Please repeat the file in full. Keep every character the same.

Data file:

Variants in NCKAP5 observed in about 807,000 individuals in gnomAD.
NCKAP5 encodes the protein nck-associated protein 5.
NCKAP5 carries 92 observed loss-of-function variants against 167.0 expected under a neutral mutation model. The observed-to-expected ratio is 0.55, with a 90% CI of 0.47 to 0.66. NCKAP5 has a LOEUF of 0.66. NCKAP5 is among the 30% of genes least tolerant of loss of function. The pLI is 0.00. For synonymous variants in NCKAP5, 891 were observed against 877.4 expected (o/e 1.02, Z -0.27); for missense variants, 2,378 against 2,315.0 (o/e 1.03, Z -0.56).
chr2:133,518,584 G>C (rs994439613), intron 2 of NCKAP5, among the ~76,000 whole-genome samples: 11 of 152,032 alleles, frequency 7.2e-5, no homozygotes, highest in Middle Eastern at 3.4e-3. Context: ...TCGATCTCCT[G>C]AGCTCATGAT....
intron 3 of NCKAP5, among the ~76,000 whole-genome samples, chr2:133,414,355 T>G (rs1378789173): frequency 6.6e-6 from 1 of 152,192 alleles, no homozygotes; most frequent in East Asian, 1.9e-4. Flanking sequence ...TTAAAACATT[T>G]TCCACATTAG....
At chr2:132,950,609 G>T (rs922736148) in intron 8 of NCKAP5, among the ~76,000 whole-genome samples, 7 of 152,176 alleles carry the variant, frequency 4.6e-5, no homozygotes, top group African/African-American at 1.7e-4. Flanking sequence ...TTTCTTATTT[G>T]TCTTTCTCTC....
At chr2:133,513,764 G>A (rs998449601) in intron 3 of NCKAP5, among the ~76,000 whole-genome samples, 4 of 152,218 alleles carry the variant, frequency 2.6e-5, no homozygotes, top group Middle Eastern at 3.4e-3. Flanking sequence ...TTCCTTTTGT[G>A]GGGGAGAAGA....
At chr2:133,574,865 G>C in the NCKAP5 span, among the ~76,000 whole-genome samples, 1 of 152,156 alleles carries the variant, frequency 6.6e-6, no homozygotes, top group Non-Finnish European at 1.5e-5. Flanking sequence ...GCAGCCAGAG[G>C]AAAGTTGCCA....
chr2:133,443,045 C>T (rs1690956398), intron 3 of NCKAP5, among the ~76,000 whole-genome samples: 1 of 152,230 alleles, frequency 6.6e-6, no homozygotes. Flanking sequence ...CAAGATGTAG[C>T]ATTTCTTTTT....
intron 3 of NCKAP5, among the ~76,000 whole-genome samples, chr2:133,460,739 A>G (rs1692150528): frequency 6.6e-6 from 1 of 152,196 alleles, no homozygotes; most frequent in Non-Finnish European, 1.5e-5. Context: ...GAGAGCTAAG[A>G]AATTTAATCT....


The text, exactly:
Variants in NCKAP5 observed in about 807,000 individuals in gnomAD.
NCKAP5 encodes the protein nck-associated protein 5.
NCKAP5 carries 92 observed loss-of-function variants against 167.0 expected under a neutral mutation model. The observed-to-expected ratio is 0.55, with a 90% CI of 0.47 to 0.66. NCKAP5 has a LOEUF of 0.66. NCKAP5 is among the 30% of genes least tolerant of loss of function. The pLI is 0.00. For synonymous variants in NCKAP5, 891 were observed against 877.4 expected (o/e 1.02, Z -0.27); for missense variants, 2,378 against 2,315.0 (o/e 1.03, Z -0.56).
chr2:133,518,584 G>C (rs994439613), intron 2 of NCKAP5, among the ~76,000 whole-genome samples: 11 of 152,032 alleles, frequency 7.2e-5, no homozygotes, highest in Middle Eastern at 3.4e-3. Context: ...TCGATCTCCT[G>C]AGCTCATGAT....
intron 3 of NCKAP5, among the ~76,000 whole-genome samples, chr2:133,414,355 T>G (rs1378789173): frequency 6.6e-6 from 1 of 152,192 alleles, no homozygotes; most frequent in East Asian, 1.9e-4. Flanking sequence ...TTAAAACATT[T>G]TCCACATTAG....
At chr2:132,950,609 G>T (rs922736148) in intron 8 of NCKAP5, among the ~76,000 whole-genome samples, 7 of 152,176 alleles carry the variant, frequency 4.6e-5, no homozygotes, top group African/African-American at 1.7e-4. Flanking sequence ...TTTCTTATTT[G>T]TCTTTCTCTC....
At chr2:133,513,764 G>A (rs998449601) in intron 3 of NCKAP5, among the ~76,000 whole-genome samples, 4 of 152,218 alleles carry the variant, frequency 2.6e-5, no homozygotes, top group Middle Eastern at 3.4e-3. Flanking sequence ...TTCCTTTTGT[G>A]GGGGAGAAGA....
At chr2:133,574,865 G>C in the NCKAP5 span, among the ~76,000 whole-genome samples, 1 of 152,156 alleles carries the variant, frequency 6.6e-6, no homozygotes, top group Non-Finnish European at 1.5e-5. Flanking sequence ...GCAGCCAGAG[G>C]AAAGTTGCCA....
chr2:133,443,045 C>T (rs1690956398), intron 3 of NCKAP5, among the ~76,000 whole-genome samples: 1 of 152,230 alleles, frequency 6.6e-6, no homozygotes. Flanking sequence ...CAAGATGTAG[C>T]ATTTCTTTTT....
intron 3 of NCKAP5, among the ~76,000 whole-genome samples, chr2:133,460,739 A>G (rs1692150528): frequency 6.6e-6 from 1 of 152,196 alleles, no homozygotes; most frequent in Non-Finnish European, 1.5e-5. Context: ...GAGAGCTAAG[A>G]AATTTAATCT....